Gone are the heydays of being the mayor of a lower east side dive bar, Foursquare continues to acquire companies playing in the location, analytics, and attribution space, and are building a very powerful infrastructure to empower app developers to integrate this kind of technology into their apps. Through Placed, one of the companies they acquired, Foursquare can aggregate data from literally billions of locations across the world and offer attribution services.
And while the app might have first-party data, submitted by the user themselves, all it really needs is for the user to open the app in their household, on wifi, consistently enough to register that as their home address, making it easy to attribute back to any podcast exposures that might have happened.
Foursquare absolutely is the easiest example to explain here, but I do want to highlight that Claritas, in collaboration with Mira, have been doing this long before Foursquare would even take calls from podcast companies. Or maybe they’re still not taking calls from podcast companies?
Home is Where the Attribution Is
Sometimes it is important to figure out if the listener actually took an action at a location, but the action isn’t always as simple as buying something at a cash register.
Think about signing up for a bank account, getting a mortgage, buying a car. There’s no rewards card for those purchases… or maybe I just don’t buy enough cars?
When you sign up for any of these things, you once again give your name and address, often your phone number and email too. And as we know, all of these can easily be matched back to a household IP address.
While there’s less meat on this one because of how straightforward it is, there’s no other way to truly attribute those sources. Outside of the pandemic, every mortgage or car loan I’ve had required filling out physical documents. Bank of America is painfully archaic in my ability to do anything digital relating to opening an account. And even the ones that are digital are likely so focused on privacy that they’re just not up for placing a pixel on their site.
It doesn’t need to be flashy to be valuable.
Reach, unfortunately, is the biggest limiting factor for these attribution methods.
On the exposure side, unless the listener is on a home wifi connection, there’s really no ability to match that data. As of yet, no podcast adserver or programmatic platform offer the ability to only target household IP addresses. If they did, I think we’d see a skyrocketing of CPM’s for that type of very reasonable targeting.
So many of these solutions require upwards of 10 million ad impressions per campaign to account for the inevitable loss. Not to mention, these measurement strategies have rates as high as $150k per campaign (not kidding!).
Out of all the ways to match up data, postal code matching has a strong chance at capturing the most conversions, but the examples given show that they’re higher ticket items. When people use rewards cards or access apps that share geolocation, you’re getting great data, but we’re often talking about only a single-digit percentage of the total conversions. While that’s good enough for lift studies, it is important to remember it’s just a sampling.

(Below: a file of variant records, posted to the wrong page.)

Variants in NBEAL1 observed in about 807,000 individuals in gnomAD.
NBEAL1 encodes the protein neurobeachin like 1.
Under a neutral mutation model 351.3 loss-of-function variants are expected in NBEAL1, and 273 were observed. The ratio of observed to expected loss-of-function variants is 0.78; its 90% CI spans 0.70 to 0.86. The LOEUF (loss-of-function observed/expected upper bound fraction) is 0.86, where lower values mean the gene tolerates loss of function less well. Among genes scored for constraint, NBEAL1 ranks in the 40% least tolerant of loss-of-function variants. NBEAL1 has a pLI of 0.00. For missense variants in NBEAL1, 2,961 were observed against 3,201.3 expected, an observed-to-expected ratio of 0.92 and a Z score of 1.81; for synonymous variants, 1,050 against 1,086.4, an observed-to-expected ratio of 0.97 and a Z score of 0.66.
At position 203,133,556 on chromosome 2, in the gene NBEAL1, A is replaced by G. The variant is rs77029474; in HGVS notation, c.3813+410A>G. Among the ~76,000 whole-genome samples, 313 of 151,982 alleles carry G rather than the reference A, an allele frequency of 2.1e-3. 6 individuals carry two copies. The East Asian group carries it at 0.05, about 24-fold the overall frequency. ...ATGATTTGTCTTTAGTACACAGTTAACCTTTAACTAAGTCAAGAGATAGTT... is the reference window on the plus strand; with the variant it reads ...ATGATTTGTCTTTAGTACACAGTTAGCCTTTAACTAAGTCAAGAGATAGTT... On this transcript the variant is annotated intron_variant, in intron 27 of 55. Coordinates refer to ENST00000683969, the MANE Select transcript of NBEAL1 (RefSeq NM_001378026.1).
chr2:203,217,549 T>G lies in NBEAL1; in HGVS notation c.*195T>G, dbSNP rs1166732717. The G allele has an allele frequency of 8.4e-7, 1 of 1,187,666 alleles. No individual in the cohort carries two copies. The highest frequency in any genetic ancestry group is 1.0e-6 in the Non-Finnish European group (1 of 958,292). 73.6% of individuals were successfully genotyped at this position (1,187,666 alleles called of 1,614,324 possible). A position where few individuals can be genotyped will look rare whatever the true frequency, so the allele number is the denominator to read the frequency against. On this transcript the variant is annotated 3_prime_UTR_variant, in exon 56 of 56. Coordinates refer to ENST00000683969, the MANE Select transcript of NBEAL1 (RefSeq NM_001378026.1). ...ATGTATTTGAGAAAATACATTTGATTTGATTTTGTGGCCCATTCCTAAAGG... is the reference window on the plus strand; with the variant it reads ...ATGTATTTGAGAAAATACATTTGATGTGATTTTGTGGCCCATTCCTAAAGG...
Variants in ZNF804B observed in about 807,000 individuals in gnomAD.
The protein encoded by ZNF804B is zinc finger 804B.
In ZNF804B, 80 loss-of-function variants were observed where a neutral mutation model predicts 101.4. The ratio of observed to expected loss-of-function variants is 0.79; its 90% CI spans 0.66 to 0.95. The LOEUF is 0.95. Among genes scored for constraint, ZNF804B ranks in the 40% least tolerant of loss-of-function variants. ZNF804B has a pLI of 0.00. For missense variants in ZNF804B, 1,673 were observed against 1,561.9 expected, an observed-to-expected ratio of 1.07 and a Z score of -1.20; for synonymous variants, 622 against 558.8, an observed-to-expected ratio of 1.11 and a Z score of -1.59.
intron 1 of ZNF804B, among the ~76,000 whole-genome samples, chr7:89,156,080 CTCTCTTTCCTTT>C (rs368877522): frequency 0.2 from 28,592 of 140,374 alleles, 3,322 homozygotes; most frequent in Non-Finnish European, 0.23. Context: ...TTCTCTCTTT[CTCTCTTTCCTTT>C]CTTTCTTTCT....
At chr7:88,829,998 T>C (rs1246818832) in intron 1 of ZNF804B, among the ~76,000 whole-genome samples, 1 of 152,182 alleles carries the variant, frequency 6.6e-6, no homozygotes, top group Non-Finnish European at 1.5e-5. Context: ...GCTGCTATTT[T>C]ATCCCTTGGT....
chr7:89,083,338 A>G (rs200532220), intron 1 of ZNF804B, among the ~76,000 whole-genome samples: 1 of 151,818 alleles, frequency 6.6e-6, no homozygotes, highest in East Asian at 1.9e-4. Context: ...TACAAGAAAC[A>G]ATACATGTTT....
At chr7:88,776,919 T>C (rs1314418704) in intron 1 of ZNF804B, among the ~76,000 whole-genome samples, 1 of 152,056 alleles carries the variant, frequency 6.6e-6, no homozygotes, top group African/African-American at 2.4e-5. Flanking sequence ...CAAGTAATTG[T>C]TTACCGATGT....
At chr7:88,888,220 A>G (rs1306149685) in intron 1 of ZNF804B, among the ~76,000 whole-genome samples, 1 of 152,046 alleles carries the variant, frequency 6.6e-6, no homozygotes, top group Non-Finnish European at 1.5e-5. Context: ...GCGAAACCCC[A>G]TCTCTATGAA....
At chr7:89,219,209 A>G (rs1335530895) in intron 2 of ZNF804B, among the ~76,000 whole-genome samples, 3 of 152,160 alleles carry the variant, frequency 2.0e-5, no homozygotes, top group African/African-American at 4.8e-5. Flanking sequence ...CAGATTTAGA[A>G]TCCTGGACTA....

But don’t let this scare you away from exploring these options. Not every tool is right for every job. But now you know about a few more tools.
Wrapping it Up
The reason I call these methods alternative is not because of their radical haircuts, but because they’ll never be your first choice for determining the success of a campaign.
My biggest piece of advice to everyone in the podcast advertising space is to pick a partner that you always default to. One your team knows inside and out and can drive the most success with. One where your data processing agreement (DPA) is signed and you’ve got a preferred rate.
So while it’s great to directly interface with more third parties that can offer solutions like this for you, many of the podcast-focused attribution companies in this space already work with one of them or can easily integrate with another.
DPA’s can take time and are rarely something companies like to sign quickly. And one of the unsung values of picking a default partner like Chartable, Claritas, LeadsRx, LoopMe, or Podsights is that they can handle the data sharing for you. You set up everything on your end just like you would any other campaign, and they handle the alternative attribution endpoint.
So reach out to your preferred partner, and see what alternative attribution options they can offer.
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Arielle’s pick for this week is: Algorithm
Algorithm isn’t your typical true crime podcast. This show is hosted, researched, and produced by Ben Kuebrich, who is usually behind the scenes of some of your favorite productions (Monster, Science Vs). What makes this podcast so gripping is just that. Kuebrich had heard about this case, started investigating, and decided that if no one else was going to make it, he would. Algorithm investigates the death of Afrikka Hardy, who was tragically murdered in 2014. Turns out, her assailant was a serial killer who should’ve been caught earlier by way of an algorithm created by reporter Thomas Hargrove. Algorithm is an investigation of an investigation. Find out how machine learning can and will influence how brutal crimes are solved.
Market Insights – with ThoughtLeaders
From Noam Yadin at ThoughtLeaders:
I’ve noticed a major increase in interest around True Crime podcasts as well as a major increase in the number of True Crime-based podcasts available. In April 2021 alone, there were over 5,000 podcasters mentioning ‘murder’, ‘true crime’, ‘serial killer’ or ‘cold cases’.
Question is – which came first: the chicken or the egg…in this case, listeners growing interest in murder, serial killers and cold cases leading to more podcasters and networks creating this type of content OR the dramatic increase in true crime-related podcast causing the pretty shocking interest in this field.